In her short story, “The Song of Songs,” Ellen Gilchrist explores the concepts of materialism and human relationships and their effects on a person’s sense of purpose. Barrett Clare, who was given up for adoption as a child, suffers from manic depression. She continually attempts to alleviate her depression in ways typically idealized in America such as owning a beautiful home and having a happy family. Intermittently in the story are glimpses of Barrett’s internal thoughts which reveal the extent of her depression as well as its presumed cause – the feelings of abandonment by her mother. Through the course of the story, Gilchrist juxtaposes materialism – a private jet, a Rolex watch, a mansion, marrying for money – with interjections of Barrett’s intensely depressed internal dialogue to show that materialism only worsens depression. In doing so, Gilchrist wants us to see that being abandoned by one’s mother can have devastating effects on one’s sense of purpose, a damage that cannot be alleviated through the pursuit of the American Dream.
In “Dog’s Death”, John Updike depicts the death of a young dog and creates a sorrowful and anguished speaker through detail in order to suggest to the reader that death is inevitable, even with all the affection and care in the world. John Updike describes the family’s love with the words “surrounded by love that would have upheld her”, conveying how much love and care they gave her. Through these melancholy details, Updike creates a somber but also poignant tone, as they effectively convey the family’s anguish. Through this tone Updike suggests that death is unavoidable.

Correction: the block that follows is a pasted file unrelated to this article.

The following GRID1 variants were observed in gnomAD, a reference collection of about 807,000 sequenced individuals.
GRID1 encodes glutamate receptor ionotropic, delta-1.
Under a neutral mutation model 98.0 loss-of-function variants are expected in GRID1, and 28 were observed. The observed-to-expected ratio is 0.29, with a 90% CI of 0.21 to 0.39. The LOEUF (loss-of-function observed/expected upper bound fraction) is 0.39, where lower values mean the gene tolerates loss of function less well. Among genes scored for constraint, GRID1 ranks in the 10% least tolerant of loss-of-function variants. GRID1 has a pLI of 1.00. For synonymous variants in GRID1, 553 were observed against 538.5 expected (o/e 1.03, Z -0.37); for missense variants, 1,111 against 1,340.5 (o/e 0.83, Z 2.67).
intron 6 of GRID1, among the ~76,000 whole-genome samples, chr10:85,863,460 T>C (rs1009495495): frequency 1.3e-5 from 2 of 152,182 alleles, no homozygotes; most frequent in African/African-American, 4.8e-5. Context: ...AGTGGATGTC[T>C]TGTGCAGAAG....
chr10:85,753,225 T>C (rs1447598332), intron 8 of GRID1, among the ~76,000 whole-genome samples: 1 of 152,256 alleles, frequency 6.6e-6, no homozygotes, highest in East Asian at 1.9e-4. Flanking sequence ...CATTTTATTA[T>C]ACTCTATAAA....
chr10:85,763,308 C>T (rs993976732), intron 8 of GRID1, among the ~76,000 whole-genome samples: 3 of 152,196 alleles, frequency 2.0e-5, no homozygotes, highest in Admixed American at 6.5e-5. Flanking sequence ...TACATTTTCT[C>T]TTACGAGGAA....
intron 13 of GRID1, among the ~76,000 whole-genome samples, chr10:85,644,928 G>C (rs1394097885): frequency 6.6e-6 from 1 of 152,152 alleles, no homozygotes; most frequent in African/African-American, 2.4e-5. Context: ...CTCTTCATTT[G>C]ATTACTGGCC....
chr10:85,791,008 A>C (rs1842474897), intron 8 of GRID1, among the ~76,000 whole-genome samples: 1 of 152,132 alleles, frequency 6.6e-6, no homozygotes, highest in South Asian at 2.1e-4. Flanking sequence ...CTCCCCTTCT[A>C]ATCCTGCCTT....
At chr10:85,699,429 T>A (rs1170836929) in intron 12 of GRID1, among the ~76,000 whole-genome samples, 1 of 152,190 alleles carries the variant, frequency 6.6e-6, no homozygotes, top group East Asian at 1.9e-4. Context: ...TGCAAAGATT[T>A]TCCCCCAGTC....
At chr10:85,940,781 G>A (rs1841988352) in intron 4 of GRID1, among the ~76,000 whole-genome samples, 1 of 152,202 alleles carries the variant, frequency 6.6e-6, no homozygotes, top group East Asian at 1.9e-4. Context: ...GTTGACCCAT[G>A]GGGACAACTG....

When one is seeking a new voyage to self-discovery such as love, death, war, or even an exciting moment in your life, it’s a struggle to find yourself when all of these occupancies’ are happening. In James Joyce “Eveline” and Tim O’Brien “The Things They Carried”, the characters overwhelming circumstances of events have a topic similar to each other’s story, love. With comparing any two stories, there is differences in a few topics as well.
In the historical fiction novel Out of the Dust by Karen Hesse, the central character Billie Jo faces many adversities that could have crushed her hopes, dreams and spirit. The author Karen Hesse, states, “the way I see it, hard times aren’t only about money, or drought, or dust. .Hard times are about losing spirit, and hope, and what happens when dreams dry up.” This quote means that the way the author sees it, the hard times in Billie Jo’s life aren’t always on the surface, as she faced losing her sense of self, her optimism, and her goals she wished to achieve. Billie Jo is confronted with the challenges of her strained relationship with her father, as well as guilt over her mother’s death, yet she is able to hold onto her spirit, hopes,